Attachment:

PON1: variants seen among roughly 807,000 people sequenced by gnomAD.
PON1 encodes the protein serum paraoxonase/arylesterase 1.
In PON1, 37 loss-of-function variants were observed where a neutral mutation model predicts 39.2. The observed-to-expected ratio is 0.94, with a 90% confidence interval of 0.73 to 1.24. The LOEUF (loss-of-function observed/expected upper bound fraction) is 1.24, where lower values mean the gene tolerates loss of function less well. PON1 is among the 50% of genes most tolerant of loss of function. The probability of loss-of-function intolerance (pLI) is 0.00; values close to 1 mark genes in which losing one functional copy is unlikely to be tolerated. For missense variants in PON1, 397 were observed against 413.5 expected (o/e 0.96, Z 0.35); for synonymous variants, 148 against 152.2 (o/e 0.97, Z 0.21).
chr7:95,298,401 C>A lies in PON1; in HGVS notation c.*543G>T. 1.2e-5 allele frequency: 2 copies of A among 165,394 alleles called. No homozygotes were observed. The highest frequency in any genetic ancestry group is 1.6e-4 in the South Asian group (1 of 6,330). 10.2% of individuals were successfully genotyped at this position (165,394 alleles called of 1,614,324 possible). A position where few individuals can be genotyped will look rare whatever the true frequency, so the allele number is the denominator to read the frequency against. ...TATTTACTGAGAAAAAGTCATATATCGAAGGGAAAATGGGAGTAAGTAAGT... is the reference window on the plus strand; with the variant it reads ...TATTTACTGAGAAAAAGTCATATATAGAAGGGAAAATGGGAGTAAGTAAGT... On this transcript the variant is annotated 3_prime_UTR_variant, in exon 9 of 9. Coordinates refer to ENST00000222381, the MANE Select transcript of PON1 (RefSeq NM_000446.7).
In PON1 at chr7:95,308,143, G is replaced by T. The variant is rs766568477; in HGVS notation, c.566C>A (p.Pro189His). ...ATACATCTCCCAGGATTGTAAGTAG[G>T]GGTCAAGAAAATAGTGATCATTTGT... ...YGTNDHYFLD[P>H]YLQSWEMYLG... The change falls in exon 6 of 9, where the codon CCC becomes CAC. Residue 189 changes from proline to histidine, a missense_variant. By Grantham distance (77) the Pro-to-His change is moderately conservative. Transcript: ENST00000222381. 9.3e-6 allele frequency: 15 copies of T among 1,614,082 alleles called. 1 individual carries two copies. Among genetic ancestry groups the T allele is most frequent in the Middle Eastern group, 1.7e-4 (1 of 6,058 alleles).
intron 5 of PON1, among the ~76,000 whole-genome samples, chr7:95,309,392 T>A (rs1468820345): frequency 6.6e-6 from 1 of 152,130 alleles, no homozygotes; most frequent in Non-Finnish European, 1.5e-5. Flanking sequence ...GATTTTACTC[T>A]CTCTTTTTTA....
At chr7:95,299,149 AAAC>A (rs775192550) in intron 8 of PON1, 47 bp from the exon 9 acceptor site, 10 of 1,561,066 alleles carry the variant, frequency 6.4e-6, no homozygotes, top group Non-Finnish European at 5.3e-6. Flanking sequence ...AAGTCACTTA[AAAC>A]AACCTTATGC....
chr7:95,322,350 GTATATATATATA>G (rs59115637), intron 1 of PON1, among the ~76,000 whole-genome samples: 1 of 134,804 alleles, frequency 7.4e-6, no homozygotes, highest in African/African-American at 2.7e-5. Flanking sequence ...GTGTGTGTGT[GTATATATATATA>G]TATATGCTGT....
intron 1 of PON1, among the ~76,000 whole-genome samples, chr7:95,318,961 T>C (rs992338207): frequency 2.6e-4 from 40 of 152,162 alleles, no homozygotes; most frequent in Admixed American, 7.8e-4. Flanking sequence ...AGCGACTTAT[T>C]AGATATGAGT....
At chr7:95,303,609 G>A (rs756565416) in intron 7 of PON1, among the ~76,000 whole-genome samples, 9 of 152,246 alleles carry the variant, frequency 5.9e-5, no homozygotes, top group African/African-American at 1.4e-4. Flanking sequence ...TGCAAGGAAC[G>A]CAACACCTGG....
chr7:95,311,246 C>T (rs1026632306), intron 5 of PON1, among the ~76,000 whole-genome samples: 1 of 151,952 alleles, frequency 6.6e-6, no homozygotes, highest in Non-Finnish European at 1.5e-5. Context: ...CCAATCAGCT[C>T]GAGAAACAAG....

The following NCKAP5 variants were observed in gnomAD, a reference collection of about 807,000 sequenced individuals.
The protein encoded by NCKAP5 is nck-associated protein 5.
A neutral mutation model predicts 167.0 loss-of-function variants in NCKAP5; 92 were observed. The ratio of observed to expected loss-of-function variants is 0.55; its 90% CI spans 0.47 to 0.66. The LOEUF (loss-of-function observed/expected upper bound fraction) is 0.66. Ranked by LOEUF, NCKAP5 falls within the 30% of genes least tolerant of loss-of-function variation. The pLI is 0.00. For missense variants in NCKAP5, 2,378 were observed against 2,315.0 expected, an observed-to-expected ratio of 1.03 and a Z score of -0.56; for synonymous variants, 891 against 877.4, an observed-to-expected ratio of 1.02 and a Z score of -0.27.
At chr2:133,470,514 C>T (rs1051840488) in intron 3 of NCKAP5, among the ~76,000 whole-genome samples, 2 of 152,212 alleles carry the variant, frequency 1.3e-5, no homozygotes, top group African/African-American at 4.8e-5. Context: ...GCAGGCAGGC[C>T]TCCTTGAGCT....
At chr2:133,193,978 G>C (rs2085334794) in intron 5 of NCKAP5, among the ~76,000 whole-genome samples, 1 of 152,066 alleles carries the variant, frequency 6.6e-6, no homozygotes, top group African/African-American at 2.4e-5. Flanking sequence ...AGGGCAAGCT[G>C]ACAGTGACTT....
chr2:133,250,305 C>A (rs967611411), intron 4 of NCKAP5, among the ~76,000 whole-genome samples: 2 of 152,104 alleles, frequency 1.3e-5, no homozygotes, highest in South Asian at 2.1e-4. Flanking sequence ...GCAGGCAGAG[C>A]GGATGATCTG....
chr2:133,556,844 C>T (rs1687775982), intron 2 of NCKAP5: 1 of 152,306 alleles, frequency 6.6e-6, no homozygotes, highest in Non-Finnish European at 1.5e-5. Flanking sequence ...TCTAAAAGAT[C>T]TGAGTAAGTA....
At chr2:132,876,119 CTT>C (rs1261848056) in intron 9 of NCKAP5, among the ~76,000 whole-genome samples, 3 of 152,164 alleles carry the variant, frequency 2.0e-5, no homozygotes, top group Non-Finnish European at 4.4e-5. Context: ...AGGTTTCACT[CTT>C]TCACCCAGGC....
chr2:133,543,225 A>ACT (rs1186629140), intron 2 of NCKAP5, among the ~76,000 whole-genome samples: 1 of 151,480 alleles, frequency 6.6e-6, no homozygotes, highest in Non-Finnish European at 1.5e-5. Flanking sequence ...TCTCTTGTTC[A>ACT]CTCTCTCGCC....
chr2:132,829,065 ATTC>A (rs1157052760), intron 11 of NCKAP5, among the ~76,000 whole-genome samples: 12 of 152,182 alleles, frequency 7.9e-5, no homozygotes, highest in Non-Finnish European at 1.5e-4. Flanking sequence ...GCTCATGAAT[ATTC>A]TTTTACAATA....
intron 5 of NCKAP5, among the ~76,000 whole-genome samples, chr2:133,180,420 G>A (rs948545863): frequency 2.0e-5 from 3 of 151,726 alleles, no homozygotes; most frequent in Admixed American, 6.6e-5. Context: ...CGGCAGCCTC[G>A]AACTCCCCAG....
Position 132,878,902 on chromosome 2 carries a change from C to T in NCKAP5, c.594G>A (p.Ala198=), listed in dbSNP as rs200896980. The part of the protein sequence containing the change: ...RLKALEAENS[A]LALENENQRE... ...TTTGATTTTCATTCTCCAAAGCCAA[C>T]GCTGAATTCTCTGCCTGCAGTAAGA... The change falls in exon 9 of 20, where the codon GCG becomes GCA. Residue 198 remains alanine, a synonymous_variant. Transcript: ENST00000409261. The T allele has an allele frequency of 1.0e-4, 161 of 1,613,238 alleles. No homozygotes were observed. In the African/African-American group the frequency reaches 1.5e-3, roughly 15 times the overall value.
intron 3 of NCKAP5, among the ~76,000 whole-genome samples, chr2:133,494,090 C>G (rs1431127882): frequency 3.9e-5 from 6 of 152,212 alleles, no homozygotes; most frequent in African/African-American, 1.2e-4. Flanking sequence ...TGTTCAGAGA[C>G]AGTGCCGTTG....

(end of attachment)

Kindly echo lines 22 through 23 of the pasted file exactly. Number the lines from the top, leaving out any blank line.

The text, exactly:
intron 5 of NCKAP5, among the ~76,000 whole-genome samples, chr2:133,180,420 G>A (rs948545863): frequency 2.0e-5 from 3 of 151,726 alleles, no homozygotes; most frequent in Admixed American, 6.6e-5. Context: ...CGGCAGCCTC[G>A]AACTCCCCAG....
Position 132,878,902 on chromosome 2 carries a change from C to T in NCKAP5, c.594G>A (p.Ala198=), listed in dbSNP as rs200896980. The part of the protein sequence containing the change: ...RLKALEAENS[A]LALENENQRE... ...TTTGATTTTCATTCTCCAAAGCCAA[C>T]GCTGAATTCTCTGCCTGCAGTAAGA... The change falls in exon 9 of 20, where the codon GCG becomes GCA. Residue 198 remains alanine, a synonymous_variant. Transcript: ENST00000409261. The T allele has an allele frequency of 1.0e-4, 161 of 1,613,238 alleles. No homozygotes were observed. In the African/African-American group the frequency reaches 1.5e-3, roughly 15 times the overall value.